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Thread: lathe and mill oil???

  1. #1
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    Default lathe and mill oil???

    Some guys but Mobil DTE Heavy Medium Hydraulic oil to use in there gear head equipment, it is suppose to be the best. Is it really that much better then any other ISO 68 (SAE 32) non-detergent Hydraulic oil that can be bought at any farm store. The Mobil stuff is usually a special order here and $$$$$$$$$$$$$$$ so I would prefer to just get some locally available oil if it will work well enough.

    How often do you guys change the oil in your machines. The manual says once a year but I'm assuming that is for heavy use in a commercial shop and not intermittent use at home???
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  2. #2
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    Have to buy some myself, apparently Tractor supply has the stuff others recommended. Will have to look at my Monarch manual.

  3. #3
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    I try to change my oils once per year in machines and compressors but sometimes it's many years.... The oil coming looks the same as the day it went in. I have 5 gallon containers of all the DTE types and the generic AW RO hydraulic oils - can't say there is much difference for my type of use. Compressors in your area may need more attention if you are in a humid climate (i'm not) as water will be into the oil.

  4. #4
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    Frankly I can't see the difference between the Mobil oil and the local store brands. I would go with the Tractor Supply stuff and change it religiously on schedule. Maybe Canadian Tire has it? My employer buys the Mobil in 50-gallon drums, but nobody has ever accused them of having common sense. They have been accused of having too much money.

  5. #5
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    It's a gearbox. When you drove a rear wheel drive car with a separate gearbox what did you put in it? If someone had told you to put hydraulic fluid or back axle diff oil in it where would you have told them to go? How often did you change it - convert the miles to hours driving.

  6. #6
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    McMaster sells specific purpose oils for machines: spindle oil, way oil, etc. I bought some gallon jugs and I figure they will probably be a lifetime supply in my shop. YMMV!
    Paul A.

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  7. #7
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    Quote Originally Posted by Baz View Post
    It's a gearbox. When you drove a rear wheel drive car with a separate gearbox what did you put in it? If someone had told you to put hydraulic fluid or back axle diff oil in it where would you have told them to go? How often did you change it - convert the miles to hours driving.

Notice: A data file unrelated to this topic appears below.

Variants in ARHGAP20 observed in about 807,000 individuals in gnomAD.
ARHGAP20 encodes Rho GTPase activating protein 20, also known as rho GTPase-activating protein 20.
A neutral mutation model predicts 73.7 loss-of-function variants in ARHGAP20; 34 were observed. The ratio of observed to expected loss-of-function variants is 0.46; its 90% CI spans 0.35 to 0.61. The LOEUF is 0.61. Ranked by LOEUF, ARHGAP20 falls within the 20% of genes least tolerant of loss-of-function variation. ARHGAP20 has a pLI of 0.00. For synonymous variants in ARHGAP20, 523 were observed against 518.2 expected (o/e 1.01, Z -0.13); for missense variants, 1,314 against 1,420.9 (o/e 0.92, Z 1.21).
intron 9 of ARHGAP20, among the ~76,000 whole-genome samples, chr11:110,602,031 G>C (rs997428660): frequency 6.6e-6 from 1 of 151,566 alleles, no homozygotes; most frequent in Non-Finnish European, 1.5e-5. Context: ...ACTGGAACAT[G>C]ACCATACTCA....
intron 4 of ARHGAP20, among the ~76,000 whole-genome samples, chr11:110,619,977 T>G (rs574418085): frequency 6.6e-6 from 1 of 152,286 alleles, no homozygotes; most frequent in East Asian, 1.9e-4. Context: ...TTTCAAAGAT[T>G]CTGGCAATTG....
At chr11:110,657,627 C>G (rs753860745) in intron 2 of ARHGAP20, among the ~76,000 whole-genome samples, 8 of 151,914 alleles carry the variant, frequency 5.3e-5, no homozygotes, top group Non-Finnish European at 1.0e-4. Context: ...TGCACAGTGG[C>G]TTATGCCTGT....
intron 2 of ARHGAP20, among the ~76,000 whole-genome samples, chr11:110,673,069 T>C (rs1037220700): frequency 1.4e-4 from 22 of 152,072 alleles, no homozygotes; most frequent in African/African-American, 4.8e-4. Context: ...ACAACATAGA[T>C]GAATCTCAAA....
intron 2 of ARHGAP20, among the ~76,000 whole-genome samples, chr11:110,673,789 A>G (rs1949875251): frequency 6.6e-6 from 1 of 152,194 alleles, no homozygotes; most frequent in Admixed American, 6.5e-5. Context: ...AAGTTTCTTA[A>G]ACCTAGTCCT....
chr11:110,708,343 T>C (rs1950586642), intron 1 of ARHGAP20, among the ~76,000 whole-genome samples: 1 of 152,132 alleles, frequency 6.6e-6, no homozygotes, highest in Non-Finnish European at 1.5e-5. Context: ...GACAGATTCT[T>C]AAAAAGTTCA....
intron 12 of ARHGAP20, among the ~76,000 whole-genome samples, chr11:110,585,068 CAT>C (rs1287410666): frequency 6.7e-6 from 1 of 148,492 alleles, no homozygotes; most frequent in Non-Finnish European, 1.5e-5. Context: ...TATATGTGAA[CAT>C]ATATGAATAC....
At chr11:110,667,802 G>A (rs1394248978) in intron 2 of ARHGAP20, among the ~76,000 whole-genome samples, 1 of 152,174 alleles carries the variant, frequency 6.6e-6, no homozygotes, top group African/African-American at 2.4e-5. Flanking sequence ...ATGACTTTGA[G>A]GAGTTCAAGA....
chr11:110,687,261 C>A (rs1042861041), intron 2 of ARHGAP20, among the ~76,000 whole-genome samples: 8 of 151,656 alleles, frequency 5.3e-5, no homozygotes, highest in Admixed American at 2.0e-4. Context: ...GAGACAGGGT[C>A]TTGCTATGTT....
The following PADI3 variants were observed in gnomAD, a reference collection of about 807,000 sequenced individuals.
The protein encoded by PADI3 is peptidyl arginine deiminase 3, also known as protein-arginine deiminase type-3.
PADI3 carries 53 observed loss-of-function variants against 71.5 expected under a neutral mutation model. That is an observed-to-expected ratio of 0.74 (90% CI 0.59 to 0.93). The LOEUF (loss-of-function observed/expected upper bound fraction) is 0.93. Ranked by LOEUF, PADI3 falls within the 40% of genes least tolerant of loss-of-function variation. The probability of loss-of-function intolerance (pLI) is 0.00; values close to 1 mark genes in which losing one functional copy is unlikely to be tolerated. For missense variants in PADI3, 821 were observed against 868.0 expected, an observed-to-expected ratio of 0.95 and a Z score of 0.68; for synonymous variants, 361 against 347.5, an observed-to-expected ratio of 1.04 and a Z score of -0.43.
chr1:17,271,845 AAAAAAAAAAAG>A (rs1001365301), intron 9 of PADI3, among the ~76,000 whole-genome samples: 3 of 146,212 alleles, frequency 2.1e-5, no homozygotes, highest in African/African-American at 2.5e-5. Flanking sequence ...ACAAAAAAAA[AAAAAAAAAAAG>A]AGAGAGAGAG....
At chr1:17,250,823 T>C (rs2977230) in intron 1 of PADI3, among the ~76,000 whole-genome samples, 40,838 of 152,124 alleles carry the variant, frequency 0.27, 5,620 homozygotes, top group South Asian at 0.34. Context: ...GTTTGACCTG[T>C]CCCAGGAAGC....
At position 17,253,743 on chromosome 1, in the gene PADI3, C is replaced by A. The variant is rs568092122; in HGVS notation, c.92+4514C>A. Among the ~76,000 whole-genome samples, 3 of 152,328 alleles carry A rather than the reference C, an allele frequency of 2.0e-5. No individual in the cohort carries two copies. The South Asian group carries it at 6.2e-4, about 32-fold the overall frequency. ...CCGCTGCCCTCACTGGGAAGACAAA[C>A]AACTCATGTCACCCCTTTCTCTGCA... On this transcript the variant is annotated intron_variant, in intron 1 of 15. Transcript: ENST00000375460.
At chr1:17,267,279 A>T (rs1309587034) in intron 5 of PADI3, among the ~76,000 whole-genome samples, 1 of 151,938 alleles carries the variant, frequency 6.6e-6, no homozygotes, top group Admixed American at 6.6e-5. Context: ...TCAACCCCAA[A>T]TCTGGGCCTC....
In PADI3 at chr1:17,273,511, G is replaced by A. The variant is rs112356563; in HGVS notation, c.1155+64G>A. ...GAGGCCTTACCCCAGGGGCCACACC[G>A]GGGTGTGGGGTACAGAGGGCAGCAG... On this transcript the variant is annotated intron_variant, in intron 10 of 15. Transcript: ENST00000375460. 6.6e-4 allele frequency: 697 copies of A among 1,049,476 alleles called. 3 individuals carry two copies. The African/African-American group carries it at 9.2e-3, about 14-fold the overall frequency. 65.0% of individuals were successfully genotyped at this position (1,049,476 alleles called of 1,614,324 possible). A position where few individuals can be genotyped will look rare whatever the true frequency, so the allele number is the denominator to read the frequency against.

I don't think that is a good analogy although I agree with the sentiment. My truck uses an Asin-Warner (toyota) transmission and conventional Hotchkiss type rear axle. The manual specifically warns you to only use 30-wt engine oil in the gearbox. Using traditional gear oil *will* blow it up by springing the case open because the tolerances are so close. I change the gear oils etc at 100,000 mi, engine oil every 4 mos.

  8. #8
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    Quote Originally Posted by nickel-city-fab View Post
    I don't think that is a good analogy although I agree with the sentiment. My truck uses an Asin-Warner (toyota) transmission and conventional Hotchkiss type rear axle. The manual specifically warns you to only use 30-wt engine oil in the gearbox. Using traditional gear oil *will* blow it up by springing the case open because the tolerances are so close. I change the gear oils etc at 100,000 mi, engine oil every 4 mos.
    I would very much doubt that the manual states that it will blow up due to the case springing open due to using an 80w90 gear oil in the transmission. An 80w90 gear oil has the same viscosity characteristics as an SAE 20w50 engine oil. Gear oils and engine oils use a different scale for their viscosity ratings and hence a lot of confusion ensues. The 30w engine oil will be plenty thick at 0F so one can assume it isn't the viscosity that is the problem.

    I would hazard an educated guess that the transmission uses either silver bearing metals or yellow metals in some of it's components that do not not play well with some of the potassium-borate, sulfur-phosphate, and chlorine temperature activated EP additives used in some but not all GL-5 rated hypoid gear oils. The manufactures don't expect or want you to try and find a suitable hypoid EP gear oil so they simplify the requirement by closing that door altogether.

    These additive are corrosive to certain metals at the elevated temps commonly seen in automotive transmissions. No reason for alarm if the transmission is capable of using them but a slow death to those that aren't, so manufactures go out of their way to warn the end user to avoid them for this reason.
    Last edited by Willy; 08-11-2019 at 05:59 PM.
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  9. #9
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    In the lathe gearbox I run straight 30W non-detergent - you don't want impurities suspended; you do want them to sink to the bottom.

    Oh, I add 5-10% moly additive to gearcases, be they automotive manual transmissions, final drives or machine gearboxes. They run quieter and seem to last forever.

    Mike

  10. #10
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    The manual does not state that the trans will blow up, but plenty of guys have done it running 90-wt.. There are entire rebuild threads for example on Jeep forum. The manual does state to use 30-wt engine oil.

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